West Virginia University Libraries and the West Virginia and Regional History Center’s Rare Book Room have acquired what is considered to be the largest and most complete collection of works by Margaret Armstrong, noted book cover designer and illustrator of the late 19th and early 20th centuries.
The Lowell and Suzanne Thing Collection of Margaret Armstrong Decorated Trade Bindings contains more than 550 books collected by Thing over 30 years, including books, sheet music, and ephemera designed by the artist.
Suzanne and Lowell Thing pose in the Libraries' Rare Book Room.
“Margaret Armstrong entered the emerging field of book cover art and design in
the late 1880’s,” Rare Books Curator Stewart Plein said. “It wouldn’t be long
before her beautiful book cover designs would take her to the top of the male
dominated profession and firmly place her as an important figure in the world
of the book arts.”
"The Blue Flower" is an example of how Margaret Armstrong incorporated her initals into her book cover design
Armstrong was a pioneer in the field of decorated cloth binding designs. As one
of the first women to enter this new field, she would soon make a name for herself
that would be recognized by publishers and the book buying public alike for her
beautiful and intricate designs. From 1887 to 1915, Armstrong was a leading force
in shaping the art of book cover designs.
Lowell Thing was the keynote speaker at an exhibition held in the Libraries’ Rockefeller
Gallery in May 2022 that featured the book cover designs of Armstrong from WVU’s
rare books collection. Thing is also the author of the recently published book,
“Cover Treasure – The Life and Art of Margaret Armstrong,” available from Black
Highlights of the collection include:
- 306 of the 314 designs listed by Charles Gullans and John Espey in their landmark 1991 checklist from UCLA (all designs are shown in "Cover Treasure").
- Three previously unidentified books with bindings signed by the artist with her monogram and two unsigned bindings recently revealed to be her work.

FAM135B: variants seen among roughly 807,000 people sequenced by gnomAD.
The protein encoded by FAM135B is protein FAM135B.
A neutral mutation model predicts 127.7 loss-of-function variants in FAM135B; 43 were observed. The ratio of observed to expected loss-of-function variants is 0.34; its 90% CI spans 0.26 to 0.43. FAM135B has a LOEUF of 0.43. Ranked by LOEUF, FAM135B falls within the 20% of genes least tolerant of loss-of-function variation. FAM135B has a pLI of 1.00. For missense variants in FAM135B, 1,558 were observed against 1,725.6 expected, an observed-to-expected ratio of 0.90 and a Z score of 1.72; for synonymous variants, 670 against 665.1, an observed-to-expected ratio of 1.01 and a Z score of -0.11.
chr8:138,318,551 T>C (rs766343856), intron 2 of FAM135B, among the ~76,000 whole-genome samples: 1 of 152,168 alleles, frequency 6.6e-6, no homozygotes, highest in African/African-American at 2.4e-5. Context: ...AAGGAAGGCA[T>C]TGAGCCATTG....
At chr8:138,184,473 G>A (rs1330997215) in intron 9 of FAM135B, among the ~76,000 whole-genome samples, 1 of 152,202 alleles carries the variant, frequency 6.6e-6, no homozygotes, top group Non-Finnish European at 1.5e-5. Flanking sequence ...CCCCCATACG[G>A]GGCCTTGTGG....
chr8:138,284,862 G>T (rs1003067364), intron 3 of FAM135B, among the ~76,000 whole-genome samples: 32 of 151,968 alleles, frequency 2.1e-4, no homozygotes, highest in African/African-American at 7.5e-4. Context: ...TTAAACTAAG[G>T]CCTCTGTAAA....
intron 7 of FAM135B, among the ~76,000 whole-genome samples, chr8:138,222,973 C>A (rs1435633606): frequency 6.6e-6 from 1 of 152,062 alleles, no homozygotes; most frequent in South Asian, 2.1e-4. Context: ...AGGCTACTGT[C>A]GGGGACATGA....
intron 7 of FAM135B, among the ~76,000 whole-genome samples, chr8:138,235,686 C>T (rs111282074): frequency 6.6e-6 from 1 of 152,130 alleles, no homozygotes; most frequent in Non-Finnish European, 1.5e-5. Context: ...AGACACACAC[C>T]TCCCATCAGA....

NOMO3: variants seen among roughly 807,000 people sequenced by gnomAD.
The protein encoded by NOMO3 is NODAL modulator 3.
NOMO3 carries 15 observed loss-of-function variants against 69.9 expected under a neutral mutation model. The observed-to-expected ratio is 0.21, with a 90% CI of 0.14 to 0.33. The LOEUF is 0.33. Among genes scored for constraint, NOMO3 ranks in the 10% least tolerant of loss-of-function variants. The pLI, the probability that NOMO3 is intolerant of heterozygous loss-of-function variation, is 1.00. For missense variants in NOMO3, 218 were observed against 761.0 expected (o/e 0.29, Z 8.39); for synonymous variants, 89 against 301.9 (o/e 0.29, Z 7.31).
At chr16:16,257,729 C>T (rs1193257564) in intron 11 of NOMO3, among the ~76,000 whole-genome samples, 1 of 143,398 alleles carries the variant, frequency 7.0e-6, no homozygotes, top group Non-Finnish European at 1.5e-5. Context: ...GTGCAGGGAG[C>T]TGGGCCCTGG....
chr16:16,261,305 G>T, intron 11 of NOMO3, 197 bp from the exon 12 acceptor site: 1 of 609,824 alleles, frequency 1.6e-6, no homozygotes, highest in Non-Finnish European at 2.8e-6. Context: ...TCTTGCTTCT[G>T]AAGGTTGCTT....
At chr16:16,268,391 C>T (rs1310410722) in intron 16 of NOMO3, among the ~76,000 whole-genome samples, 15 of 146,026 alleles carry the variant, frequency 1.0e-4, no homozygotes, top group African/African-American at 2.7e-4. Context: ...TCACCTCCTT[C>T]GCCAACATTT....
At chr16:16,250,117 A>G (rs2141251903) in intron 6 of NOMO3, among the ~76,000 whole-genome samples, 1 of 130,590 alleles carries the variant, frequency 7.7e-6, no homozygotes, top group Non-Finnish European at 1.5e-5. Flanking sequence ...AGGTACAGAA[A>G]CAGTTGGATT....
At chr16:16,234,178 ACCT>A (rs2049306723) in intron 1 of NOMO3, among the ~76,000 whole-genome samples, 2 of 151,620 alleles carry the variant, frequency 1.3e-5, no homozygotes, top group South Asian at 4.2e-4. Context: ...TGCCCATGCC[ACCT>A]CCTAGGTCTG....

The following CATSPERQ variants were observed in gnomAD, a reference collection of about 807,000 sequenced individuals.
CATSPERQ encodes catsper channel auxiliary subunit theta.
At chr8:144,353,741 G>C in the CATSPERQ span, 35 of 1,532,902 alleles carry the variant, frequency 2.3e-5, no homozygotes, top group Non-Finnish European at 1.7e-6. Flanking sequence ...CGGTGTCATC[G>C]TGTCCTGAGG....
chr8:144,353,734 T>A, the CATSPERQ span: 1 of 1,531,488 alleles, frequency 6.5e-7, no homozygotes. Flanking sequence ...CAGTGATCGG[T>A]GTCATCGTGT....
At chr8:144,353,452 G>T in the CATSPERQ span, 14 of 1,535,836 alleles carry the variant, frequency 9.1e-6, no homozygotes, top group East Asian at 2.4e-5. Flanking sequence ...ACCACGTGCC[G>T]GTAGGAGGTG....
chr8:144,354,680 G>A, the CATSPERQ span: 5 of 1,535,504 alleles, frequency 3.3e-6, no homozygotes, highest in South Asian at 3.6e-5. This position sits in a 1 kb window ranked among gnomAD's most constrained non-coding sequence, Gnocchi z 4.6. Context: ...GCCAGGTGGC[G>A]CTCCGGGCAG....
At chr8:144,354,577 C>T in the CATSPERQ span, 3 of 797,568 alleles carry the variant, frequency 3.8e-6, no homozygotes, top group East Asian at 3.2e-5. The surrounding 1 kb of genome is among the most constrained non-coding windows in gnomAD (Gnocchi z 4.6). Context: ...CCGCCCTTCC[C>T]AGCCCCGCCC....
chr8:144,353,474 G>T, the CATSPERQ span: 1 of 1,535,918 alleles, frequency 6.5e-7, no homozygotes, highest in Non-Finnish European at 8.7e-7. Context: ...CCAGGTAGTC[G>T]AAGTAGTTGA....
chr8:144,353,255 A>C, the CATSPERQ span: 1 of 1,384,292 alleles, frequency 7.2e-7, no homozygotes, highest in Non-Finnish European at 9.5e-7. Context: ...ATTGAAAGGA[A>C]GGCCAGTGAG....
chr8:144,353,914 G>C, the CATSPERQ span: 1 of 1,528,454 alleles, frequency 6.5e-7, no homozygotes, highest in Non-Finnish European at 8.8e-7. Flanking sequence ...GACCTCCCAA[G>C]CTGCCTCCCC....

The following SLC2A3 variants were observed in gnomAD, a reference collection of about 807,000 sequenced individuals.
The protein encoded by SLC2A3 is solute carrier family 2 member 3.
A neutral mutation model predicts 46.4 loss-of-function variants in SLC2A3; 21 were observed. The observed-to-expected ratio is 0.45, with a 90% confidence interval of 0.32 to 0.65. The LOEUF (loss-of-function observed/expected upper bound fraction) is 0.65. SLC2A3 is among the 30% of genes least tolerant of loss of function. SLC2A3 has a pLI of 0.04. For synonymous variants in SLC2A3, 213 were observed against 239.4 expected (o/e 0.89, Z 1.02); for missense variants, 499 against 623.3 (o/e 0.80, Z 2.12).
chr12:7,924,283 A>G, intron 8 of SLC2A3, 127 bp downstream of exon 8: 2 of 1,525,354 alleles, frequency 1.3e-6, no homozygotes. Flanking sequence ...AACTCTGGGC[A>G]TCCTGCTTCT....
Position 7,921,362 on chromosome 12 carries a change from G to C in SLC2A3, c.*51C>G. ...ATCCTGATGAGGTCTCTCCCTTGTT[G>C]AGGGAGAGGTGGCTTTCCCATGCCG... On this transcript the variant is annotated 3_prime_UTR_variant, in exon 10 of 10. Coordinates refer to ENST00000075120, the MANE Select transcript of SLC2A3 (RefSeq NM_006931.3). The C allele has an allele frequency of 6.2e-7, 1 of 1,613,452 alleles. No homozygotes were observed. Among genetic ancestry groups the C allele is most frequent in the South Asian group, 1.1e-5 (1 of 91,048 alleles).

- Examples of 59 dust jackets that came with her books including the only jacket known to have been designed by Armstrong, signed with her monogram. Included are four extremely rare dust jackets from 1894.
- Two examples in pristine condition of publishers’ Christmas gift offerings with Armstrong’s bindings. Paul Leicester Ford’s "Wanted – A Matchmaker" in white cloth wrapped with a yellow ribbon and bow and Elizabeth Barrett Browning’s "Sonnets from the Portuguese" in white satin brocade, both books in their original boxes.
- Books with bindings designed by Margaret Armstrong from Margaret and her sister Helen’s private libraries and containing their own individual bookplates that each designed.
- A number of scarce limited-edition versions of her bindings.
- A rare copy of an early book from Vogue Magazine that includes illustrations by both Margaret and Helen Armstrong, one of a number of books in which they collaborated.
- A salesman’s dummy of Henry Van Dyke’s "Out-of-Doors in the Holy Land" (1908).
Armstrong worked for 21 different publishers on a range of adult and juvenile fiction and nonfiction categories. The broad range of commissions over a number of years makes this collection a prime candidate for the examination of publishers’ offerings to the public during the 1890-1915 period. Titles also include works valued as literary first editions including Thomas Hardy’s “Tess of the d’Urbervilles” (1892) and Gaston Leroux’s “The Phantom of the Opera” (1911).
The Rare Books Collection, located within the West Virginia and Regional History Center on the sixth level of the Wise Library, contains rare books from 1330 to the 21st century. The collection is noted for its Shakespeare, Mark Twain, Early Modern, Botanical and Isaac Asimov collections.